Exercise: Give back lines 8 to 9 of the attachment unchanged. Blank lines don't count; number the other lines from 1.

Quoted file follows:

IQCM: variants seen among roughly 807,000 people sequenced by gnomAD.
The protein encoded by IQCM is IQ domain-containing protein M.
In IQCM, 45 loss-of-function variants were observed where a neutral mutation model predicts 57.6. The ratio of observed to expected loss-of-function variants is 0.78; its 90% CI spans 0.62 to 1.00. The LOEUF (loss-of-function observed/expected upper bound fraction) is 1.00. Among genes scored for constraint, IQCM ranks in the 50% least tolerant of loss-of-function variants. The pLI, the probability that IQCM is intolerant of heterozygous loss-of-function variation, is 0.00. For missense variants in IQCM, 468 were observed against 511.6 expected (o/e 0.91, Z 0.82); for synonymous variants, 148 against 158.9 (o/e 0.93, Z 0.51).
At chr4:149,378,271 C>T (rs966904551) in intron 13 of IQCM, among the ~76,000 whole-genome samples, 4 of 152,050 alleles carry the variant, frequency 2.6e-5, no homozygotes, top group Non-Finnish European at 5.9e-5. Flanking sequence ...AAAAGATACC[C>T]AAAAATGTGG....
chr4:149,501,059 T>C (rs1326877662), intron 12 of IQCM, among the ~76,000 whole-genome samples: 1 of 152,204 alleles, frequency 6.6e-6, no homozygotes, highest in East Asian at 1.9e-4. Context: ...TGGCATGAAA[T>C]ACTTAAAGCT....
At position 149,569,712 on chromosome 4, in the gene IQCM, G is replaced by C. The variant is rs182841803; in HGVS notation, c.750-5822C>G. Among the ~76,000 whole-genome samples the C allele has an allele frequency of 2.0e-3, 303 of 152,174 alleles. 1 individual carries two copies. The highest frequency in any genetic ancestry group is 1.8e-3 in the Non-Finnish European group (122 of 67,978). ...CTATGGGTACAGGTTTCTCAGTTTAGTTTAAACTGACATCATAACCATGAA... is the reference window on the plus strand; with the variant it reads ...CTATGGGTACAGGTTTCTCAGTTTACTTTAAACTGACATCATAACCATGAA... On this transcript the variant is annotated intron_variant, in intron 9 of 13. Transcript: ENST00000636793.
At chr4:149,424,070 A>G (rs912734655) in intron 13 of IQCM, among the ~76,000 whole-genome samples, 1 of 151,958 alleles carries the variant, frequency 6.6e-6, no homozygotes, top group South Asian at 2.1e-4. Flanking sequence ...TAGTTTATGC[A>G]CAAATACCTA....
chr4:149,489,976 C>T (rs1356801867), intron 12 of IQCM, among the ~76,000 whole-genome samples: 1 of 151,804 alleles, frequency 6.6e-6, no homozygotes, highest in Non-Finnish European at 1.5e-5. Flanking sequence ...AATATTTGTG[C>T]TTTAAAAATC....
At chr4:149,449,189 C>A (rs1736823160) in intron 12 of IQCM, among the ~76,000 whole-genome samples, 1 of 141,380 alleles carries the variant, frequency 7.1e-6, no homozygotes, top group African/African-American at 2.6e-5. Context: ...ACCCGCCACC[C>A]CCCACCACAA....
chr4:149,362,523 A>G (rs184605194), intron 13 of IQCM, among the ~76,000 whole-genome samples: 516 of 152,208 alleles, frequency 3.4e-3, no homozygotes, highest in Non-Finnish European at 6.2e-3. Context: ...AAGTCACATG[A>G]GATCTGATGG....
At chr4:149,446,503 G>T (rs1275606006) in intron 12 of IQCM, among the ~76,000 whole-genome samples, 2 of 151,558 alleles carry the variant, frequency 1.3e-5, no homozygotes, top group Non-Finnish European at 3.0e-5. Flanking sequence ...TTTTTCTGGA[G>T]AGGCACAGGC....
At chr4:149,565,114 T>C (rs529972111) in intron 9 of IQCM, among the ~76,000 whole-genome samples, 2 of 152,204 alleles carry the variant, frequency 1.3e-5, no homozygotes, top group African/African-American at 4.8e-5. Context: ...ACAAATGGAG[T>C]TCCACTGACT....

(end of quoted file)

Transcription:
chr4:149,489,976 C>T (rs1356801867), intron 12 of IQCM, among the ~76,000 whole-genome samples: 1 of 151,804 alleles, frequency 6.6e-6, no homozygotes, highest in Non-Finnish European at 1.5e-5. Flanking sequence ...AATATTTGTG[C>T]TTTAAAAATC....
At chr4:149,449,189 C>A (rs1736823160) in intron 12 of IQCM, among the ~76,000 whole-genome samples, 1 of 141,380 alleles carries the variant, frequency 7.1e-6, no homozygotes, top group African/African-American at 2.6e-5. Context: ...ACCCGCCACC[C>A]CCCACCACAA....